February 28th 2012

Real life science fiction advancements

The lines between science-fiction and reality is continually getting smaller. As humans, we are starting to combine biology and technology into something truly amazing.

From manipulating computers with our minds to implanting medical devices to improve the lives of others, there are interesting new inventions that are really bringing science-fiction to life.

Here are some of our favorites:

Powered Exoskeletons

Considered the sci-fi of modern prosthetics, powered exoskeletons. These exoskeletons are worn as suits, having a power supply that aids in limb movement. They can help assist and protect those with dangerous jobs, such as construction workersand soldiers, and with them they can be strong in ways otherwise not possible.

Tumor Implants

These tiny implants have been developed by scientists at MIT, and can be placed inside a tumor to monitor its growth and response to treatment. This gives doctors a way to track their growth, instead of being monitored by biopsy. It provides a solution that is less invasive, more accurate, and can provide up-to-the-minute information about the tumor’s exact state.

Retinal Implants

Working with special glasses that are fitted with a small camera relaying visual data to a chip on the surface of the eyeball, retinal implant systems will be able to help visually impaired people see. The electrodes under the retina could stimulate the optic nerve, and the bio-compatible diamond helps advance this new technology.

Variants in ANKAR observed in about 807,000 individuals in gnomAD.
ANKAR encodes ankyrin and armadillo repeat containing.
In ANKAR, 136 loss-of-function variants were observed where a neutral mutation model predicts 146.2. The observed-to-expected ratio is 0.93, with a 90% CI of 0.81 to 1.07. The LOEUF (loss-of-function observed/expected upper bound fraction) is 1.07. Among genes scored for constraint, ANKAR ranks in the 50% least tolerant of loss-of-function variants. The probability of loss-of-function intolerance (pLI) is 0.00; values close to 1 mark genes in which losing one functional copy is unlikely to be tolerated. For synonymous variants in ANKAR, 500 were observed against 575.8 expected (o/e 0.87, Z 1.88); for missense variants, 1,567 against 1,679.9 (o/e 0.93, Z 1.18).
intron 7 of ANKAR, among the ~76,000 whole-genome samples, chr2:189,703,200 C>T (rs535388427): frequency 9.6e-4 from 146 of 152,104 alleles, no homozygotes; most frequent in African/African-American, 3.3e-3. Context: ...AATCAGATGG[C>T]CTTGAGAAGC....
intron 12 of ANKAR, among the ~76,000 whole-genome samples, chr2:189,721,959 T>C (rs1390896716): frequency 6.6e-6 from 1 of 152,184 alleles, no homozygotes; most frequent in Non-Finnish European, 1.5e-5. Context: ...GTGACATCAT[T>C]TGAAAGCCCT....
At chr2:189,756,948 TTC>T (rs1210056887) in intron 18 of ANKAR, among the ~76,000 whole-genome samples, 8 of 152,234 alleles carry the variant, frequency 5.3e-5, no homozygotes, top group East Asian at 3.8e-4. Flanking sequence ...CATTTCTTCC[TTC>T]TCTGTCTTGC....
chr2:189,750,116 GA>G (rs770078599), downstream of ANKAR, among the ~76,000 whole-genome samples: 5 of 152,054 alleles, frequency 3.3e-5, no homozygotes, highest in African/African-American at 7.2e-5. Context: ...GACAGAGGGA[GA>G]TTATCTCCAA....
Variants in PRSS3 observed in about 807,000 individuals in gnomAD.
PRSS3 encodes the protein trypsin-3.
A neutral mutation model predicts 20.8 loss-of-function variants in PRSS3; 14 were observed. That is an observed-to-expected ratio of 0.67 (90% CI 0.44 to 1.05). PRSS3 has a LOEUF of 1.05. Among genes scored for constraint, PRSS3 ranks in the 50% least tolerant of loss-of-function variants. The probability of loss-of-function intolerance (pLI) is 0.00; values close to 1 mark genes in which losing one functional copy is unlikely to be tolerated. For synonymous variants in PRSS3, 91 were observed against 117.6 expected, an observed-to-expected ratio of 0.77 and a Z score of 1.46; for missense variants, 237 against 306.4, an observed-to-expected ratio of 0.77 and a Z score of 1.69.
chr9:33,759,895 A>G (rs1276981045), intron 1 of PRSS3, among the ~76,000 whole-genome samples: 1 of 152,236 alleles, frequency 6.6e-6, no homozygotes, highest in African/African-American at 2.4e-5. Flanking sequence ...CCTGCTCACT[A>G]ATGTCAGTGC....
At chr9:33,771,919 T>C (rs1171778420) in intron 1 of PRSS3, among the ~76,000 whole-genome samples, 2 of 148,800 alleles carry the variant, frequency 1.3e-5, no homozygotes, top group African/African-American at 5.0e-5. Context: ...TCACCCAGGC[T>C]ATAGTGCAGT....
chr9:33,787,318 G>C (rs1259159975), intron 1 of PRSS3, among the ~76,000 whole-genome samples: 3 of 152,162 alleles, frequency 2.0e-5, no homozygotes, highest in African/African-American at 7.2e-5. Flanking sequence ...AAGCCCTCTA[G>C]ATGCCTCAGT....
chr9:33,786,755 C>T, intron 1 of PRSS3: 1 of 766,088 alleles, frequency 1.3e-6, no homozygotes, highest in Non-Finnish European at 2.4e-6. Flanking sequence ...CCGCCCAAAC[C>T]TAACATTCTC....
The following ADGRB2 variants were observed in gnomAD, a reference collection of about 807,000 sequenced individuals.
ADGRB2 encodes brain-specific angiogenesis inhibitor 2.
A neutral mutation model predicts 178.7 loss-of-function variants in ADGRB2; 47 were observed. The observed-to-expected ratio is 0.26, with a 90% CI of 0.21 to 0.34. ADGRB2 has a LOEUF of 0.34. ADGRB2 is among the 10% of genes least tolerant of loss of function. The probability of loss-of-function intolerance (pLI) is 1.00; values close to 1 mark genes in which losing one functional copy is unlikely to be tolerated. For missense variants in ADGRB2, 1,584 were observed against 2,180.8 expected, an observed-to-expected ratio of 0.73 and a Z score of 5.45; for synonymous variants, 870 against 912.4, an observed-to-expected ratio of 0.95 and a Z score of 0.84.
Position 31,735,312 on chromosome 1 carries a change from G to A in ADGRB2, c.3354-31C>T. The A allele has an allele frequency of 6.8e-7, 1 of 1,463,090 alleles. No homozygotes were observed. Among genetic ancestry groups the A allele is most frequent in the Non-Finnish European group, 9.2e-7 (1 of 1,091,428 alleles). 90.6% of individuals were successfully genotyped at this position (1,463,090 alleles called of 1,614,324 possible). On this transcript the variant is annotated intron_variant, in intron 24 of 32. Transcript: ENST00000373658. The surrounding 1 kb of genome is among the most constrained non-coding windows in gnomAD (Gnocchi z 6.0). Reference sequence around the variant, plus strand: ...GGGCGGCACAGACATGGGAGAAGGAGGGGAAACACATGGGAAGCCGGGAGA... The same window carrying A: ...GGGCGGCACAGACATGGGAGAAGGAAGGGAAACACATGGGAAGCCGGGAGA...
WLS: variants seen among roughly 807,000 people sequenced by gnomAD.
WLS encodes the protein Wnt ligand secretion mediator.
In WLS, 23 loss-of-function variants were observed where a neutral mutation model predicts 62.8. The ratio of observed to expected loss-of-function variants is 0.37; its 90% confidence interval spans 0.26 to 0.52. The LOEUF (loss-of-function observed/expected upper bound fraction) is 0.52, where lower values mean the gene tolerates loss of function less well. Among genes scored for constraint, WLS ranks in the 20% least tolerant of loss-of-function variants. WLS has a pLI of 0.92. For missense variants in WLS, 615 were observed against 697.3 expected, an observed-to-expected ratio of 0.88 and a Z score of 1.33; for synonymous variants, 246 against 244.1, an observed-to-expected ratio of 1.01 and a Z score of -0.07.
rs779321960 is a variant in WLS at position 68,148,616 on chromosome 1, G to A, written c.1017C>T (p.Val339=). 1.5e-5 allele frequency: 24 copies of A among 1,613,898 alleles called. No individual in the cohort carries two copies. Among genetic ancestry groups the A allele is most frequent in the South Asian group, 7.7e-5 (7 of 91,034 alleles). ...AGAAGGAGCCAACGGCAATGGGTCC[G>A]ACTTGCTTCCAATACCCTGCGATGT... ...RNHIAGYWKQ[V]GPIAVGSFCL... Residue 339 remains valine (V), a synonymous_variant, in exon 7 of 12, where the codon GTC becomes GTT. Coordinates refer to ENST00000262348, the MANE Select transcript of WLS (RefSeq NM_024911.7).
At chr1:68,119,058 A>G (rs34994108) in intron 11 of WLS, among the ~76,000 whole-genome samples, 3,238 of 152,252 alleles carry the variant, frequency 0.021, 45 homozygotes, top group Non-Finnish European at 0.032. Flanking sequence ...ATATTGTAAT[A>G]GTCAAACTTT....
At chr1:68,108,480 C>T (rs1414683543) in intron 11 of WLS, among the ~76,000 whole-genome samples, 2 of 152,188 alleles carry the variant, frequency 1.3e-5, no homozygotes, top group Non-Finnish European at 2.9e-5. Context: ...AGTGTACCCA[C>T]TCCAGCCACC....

Bionic Limbs

More functional than ever before, prosthetic limbs can now be controlled by nerve tissue in the bodies of amputees. This restores movement to hands, arms, feet and legs that have been lost.

LED Contact Lenses

Researchers at the University of Washington have developed tiny, semi-transparent LEDs that can now be integrated into contact lenses. This ups the possibility of making full-color displays possible. The implant on the contact lenses creates LED arrays that can display images on top of the retina. In turn, it creates images that are in perfect focus. The contact can turn off the display, because when it is turned off, the array is invisible.

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Andrew's Biography

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Andrew loves art and design, and pursues his studies in his final year at the Ontario College of Art and Design. He loves seeking out new artists and giving them their dues, and in his spare time, focuses on his own abstract sculpture.